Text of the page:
Result #55: Hey "you guy," I was pretty successfull at avoiding this phrase for a year now!!!

#55 Stop saying, "You guys," unless actually talking to guys.

Date: 2-24-2014

Due Date: 2-24-2015

Resolution: I don't know how long ago this started to bother me but I've actually been working on this for a while. The group of that I hang out with has always been a pretty equal blend of guys and girls. I've always felt weird contacting one of the girls to ask, "Hey, what are you guys up to tonight?" I always thought how weird it would be if it were the other way around. It's also just not an accurate question.

For the most part I've already cut this out when dealing with them, but I do slip up from time to time, and no one calls me on it because it's such a common thing. So I figured I'd make it a public thing and make a more conscious effort to just cut it out all together.

If I contact you and start to stammer when I ask what's going on, it's because I caught myself and am torn as to what to say as a replacement. I refuse to say, "Y'all," and "What are you people up to," has it's own problems. So until I work out my replacement you'll just have to deal with the awkwardness. :)

Update #1: The Conclusion.

Date: 2-27-2015

So it's been a year since I officially tried to retire the phrase "you guys" from my repertoire (well, unless talking to a group of guys.) I have to say that I was pretty successful. Sure I slipped up a handful of times but when I did I corrected myself and tried to explain my mistake.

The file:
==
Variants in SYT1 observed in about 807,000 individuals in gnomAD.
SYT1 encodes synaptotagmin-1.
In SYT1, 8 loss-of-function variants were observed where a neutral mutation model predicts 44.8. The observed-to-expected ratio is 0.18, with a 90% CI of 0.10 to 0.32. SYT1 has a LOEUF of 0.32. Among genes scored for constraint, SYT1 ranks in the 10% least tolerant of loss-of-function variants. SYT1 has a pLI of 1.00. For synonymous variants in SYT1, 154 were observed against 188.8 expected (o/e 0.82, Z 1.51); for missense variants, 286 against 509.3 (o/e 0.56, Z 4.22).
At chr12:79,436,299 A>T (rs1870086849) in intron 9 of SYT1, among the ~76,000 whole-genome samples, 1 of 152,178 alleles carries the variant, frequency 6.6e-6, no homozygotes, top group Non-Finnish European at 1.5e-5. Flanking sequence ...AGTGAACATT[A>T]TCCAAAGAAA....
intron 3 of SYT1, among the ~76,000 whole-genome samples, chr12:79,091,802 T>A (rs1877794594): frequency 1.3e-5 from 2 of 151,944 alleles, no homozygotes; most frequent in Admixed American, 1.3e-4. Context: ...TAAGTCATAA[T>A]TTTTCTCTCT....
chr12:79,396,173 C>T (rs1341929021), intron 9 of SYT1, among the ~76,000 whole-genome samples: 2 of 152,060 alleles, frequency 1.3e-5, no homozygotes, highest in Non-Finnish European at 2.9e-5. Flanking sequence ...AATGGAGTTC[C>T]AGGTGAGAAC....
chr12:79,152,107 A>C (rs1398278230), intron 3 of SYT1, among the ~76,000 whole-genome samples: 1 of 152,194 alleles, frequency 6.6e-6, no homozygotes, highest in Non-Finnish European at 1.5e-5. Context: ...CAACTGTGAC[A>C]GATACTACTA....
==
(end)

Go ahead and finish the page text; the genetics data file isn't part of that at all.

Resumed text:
For the most part no one seemed to care that I made the mistake and they seemed to care even less that I was attempting to make my word choices to be more accurate and less sexist.

I've now worked "you guys" into being a pet peeve and now cringe a bit whenever I hear anyone say it especially when it's said to a group of women.

Even though it doesn't seem to be that big of a deal, and no one seems to care about my efforts to eliminate "you guys" from my vocab, I'm going to keep at it. 

 

Matt Bunker

I started out with a goal of becoming a paid screenwriter. I had no interest in any other aspect of filmmaking. I received and scholarship to The Vancouver Film School's Writing for Film and Television program where I graduated in 2005. I fell in love with being on set during my first non-school produced short, . I loved being around all the creative people, seeing people having fun while working. The whole liking your job was a new world to me, so I decided to give it a shot. I volunteered for any project I could, doing what ever was needed. The set was my Film School this time. While working as a PA on a feature I was informed that the DP wanted the three tallest PAs to help out in the grip and electric department. That is when I found the department that felt like the best fit for me while I continued to write.